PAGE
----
For much of the past decade, a debate has been raging on how best to memorialize the events. The site of the first bomb explosion, in the former Government Y quarter, in the center of Oslo, has been cleaned up and a memorial to the victims built. However, a memorial on the island of Utøya itself has been the source of friction within the local community. The winning design, called ‘Memory Hole‘, has been labeled by neighbors as a ‘rape of nature‘ and various community lawsuits against the memorial. Locals both fear a ‘retraumatization’ and simply do not want the area to become filled with gawking tourists.
The memorial has not been completed in time for the recent 10 year anniversary and the cost has been estimated to have spiraled out of control, from NOK 40 to 500 million because of the ongoing lawsuits.
Dark Tourism: Do it right
Humans have always had a fascination with the macabre.
Visiting places associated with death, disaster and destruction can be a useful to help preventing such events from occurring again. It also gives the communities in which disaster befell a source of money to help them rebuild and get back to a sense of normality.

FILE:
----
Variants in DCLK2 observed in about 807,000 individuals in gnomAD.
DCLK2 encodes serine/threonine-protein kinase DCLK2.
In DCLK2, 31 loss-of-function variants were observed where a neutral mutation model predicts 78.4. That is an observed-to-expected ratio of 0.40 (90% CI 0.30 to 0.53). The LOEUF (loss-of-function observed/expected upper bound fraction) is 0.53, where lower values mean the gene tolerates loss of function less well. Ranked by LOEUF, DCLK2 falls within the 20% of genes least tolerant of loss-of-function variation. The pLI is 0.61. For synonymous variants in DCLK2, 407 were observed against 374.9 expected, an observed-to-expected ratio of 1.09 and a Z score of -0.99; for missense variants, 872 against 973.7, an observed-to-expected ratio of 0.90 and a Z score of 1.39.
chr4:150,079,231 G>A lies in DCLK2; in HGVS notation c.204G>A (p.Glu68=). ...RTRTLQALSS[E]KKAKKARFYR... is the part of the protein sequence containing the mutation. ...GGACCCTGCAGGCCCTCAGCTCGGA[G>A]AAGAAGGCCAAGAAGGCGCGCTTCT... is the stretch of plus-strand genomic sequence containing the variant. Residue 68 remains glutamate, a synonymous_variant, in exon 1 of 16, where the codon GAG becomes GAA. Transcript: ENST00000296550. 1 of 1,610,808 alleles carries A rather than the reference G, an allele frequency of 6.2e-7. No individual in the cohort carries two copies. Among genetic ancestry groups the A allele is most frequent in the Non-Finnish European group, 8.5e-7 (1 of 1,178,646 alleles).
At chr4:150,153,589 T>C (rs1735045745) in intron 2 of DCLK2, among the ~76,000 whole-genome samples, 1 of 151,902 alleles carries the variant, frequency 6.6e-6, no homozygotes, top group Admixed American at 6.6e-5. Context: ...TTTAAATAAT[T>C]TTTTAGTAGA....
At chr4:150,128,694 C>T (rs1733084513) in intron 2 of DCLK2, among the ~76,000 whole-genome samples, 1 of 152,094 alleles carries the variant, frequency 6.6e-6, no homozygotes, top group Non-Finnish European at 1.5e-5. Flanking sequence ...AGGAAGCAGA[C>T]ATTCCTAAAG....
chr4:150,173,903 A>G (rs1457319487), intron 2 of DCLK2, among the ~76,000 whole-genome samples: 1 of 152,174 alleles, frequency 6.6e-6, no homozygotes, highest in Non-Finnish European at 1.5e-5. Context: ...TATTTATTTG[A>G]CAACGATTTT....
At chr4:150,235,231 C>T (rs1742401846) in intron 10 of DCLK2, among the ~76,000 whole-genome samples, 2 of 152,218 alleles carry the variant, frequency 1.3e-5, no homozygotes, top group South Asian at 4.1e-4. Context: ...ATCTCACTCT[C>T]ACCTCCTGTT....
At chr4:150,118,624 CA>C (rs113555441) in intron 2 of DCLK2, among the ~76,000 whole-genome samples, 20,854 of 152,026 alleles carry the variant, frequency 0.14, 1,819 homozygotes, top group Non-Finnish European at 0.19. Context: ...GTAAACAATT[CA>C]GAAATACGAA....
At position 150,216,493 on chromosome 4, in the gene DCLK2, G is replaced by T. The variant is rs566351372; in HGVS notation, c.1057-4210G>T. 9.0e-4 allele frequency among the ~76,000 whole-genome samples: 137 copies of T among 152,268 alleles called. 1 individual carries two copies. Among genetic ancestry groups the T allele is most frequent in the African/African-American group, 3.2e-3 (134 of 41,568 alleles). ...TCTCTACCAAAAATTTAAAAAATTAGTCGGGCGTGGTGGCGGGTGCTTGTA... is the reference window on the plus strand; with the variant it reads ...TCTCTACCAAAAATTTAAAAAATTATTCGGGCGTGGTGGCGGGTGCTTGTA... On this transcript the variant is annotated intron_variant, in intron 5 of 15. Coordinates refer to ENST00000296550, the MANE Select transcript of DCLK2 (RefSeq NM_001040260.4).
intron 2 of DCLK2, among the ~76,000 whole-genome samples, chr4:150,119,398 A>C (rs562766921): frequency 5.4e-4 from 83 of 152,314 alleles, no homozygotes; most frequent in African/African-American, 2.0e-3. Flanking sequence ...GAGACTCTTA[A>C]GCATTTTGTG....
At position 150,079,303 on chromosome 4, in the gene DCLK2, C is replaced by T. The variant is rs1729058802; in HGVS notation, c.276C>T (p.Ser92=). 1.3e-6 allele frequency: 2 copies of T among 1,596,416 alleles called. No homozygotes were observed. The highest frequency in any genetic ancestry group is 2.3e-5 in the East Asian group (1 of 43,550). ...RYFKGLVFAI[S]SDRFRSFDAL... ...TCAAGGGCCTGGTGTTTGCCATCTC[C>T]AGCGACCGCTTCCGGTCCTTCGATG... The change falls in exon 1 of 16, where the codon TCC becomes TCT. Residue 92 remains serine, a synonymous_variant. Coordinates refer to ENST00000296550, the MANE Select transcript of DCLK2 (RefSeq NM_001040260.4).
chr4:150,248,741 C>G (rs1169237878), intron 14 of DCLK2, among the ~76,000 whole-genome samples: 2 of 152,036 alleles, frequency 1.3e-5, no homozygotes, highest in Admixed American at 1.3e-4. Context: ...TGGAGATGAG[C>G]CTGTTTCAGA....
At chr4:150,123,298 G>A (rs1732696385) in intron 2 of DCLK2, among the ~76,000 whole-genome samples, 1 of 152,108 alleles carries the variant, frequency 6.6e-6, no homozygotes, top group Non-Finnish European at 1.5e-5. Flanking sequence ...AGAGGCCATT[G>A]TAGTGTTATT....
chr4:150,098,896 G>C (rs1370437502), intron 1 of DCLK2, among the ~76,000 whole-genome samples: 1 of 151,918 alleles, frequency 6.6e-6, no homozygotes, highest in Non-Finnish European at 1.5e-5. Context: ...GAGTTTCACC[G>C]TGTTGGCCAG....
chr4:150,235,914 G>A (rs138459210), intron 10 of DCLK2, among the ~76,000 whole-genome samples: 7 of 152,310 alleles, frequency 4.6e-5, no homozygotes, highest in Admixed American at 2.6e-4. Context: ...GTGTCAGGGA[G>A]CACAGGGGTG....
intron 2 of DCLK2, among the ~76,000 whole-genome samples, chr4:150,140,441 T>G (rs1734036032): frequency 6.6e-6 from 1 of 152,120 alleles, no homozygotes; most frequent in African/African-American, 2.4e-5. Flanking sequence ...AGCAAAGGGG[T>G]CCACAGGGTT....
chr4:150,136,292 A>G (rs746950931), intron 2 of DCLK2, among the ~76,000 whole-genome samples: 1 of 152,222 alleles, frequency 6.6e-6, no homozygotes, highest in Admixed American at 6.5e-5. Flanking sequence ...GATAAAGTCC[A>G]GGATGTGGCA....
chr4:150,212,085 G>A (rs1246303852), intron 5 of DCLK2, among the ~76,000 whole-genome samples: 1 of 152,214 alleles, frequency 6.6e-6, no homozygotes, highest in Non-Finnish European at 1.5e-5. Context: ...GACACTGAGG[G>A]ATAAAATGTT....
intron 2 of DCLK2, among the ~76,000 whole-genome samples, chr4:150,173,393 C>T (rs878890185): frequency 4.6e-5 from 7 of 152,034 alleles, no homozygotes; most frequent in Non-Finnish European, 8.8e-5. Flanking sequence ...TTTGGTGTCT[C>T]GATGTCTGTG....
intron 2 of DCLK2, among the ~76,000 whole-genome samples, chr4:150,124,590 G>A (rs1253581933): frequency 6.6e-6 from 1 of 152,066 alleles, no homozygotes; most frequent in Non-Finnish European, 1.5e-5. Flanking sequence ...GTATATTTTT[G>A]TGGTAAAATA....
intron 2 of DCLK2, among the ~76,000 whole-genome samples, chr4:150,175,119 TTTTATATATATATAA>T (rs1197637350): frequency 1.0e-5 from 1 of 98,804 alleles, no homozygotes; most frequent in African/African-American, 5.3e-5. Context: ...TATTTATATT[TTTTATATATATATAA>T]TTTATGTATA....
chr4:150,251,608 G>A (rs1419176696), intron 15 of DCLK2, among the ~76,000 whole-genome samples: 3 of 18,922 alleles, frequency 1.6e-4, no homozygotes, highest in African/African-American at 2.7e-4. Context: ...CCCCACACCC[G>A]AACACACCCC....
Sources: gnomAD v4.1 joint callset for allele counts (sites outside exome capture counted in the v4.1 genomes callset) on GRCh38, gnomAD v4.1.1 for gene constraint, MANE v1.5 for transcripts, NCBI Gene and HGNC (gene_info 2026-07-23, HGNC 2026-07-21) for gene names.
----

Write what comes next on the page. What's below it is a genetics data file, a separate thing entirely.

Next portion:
However, a sense of respect and maturity is needed when visiting such places – it is not always about getting that perfect selfie for “the ‘Gram.'”
The opinions expressed are those of the author and are not held by Norway Today unless specifically stated.
About the author:
Jonathan is a lover of the written word. He believes the best way to combat this polarization of news and politics, in our time, is by having a balanced view. Both sides of the story are equally important. He also enjoys traveling and live music.